It doesn’t look like there’s a great likelihood of flooding just yet, with the snowpack averaging just around 97 per cent of normal across the province.
The B.C. River Forecast Centre released its monthly data on provincial snowpacks and noted that the the snow basin as of Feb. 1 ranged from a low of 63 per cent of normal in the Stikine to a high of 114 per cent in the Upper Fraser West. In the Okanagan it’s currently 86 per cent of normal.
Most of this years’ snowpack built up rapidly over a five to six week period from early-December to early-January. Weather into February shifted again into the dominance of Arctic air across the province, with extremely cold temperatures and limited snow accumulation. This pattern is expected to continue at least into the middle of February.
What this means going forward, is still up in the air. However, it looks like the flooding that so many Okanagan residents have grappled with for the last few years has been minimized.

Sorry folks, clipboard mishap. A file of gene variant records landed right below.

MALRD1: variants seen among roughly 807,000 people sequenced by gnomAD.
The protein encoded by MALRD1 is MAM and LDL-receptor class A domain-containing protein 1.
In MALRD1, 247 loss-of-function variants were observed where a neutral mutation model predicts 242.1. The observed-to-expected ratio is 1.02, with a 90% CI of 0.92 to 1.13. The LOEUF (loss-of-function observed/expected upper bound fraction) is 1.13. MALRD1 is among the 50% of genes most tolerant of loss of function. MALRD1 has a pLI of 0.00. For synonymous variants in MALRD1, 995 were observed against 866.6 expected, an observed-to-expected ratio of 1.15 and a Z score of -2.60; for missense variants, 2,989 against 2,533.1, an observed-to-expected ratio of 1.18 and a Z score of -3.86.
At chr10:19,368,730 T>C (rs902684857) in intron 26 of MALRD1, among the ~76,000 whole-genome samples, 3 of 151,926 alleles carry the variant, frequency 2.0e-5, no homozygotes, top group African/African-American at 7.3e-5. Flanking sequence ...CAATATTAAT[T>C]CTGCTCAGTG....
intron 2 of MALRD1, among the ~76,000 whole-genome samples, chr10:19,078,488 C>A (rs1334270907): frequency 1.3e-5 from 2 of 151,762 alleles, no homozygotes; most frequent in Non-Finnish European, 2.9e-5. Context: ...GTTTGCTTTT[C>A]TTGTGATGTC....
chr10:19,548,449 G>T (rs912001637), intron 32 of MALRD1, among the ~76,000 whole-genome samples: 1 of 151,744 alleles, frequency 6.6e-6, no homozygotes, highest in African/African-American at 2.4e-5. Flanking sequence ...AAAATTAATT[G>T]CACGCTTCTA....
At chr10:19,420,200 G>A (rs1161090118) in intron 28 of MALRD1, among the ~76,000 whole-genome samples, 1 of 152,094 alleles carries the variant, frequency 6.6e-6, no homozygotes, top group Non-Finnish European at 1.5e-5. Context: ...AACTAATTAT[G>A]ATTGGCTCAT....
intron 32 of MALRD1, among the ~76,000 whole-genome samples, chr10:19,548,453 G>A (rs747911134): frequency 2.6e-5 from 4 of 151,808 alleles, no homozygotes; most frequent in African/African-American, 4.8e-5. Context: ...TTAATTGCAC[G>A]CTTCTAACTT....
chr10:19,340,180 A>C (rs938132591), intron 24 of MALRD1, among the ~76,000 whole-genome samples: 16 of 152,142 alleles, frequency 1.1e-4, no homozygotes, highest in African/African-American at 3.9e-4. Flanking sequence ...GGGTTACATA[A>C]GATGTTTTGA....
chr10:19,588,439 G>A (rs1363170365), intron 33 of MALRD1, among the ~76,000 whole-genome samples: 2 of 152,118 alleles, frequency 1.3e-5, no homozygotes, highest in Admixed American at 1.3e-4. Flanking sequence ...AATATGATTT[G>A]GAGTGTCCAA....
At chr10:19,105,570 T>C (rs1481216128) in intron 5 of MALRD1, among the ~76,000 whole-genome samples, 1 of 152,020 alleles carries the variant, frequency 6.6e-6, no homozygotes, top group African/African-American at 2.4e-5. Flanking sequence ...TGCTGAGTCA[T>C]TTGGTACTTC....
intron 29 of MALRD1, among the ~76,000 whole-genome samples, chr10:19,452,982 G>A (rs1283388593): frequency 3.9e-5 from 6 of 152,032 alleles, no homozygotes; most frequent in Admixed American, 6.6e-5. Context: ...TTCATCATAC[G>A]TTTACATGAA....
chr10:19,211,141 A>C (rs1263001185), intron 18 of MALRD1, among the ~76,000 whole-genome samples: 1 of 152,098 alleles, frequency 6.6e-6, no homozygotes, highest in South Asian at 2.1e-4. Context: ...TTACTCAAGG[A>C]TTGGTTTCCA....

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“At this stage in the season there is no significant elevated flood risk present in the current snowpack regionally across the province,” according to the report.
That said, there are other factors.
“While snow is one significant aspect to seasonal flooding in B.C., weather during the freshet season also plays a key role, and flooding is possible in years with normal snowpack.
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Data from 114 manual snow courses and 78 automated snow weather stations around the province (collected by the Ministry of Environment Snow Survey Program, BC Hydro and partners), and climate data from Environment and Climate Change Canada and the provincial Climate Related Monitoring Program have been used to form the basis of the report.
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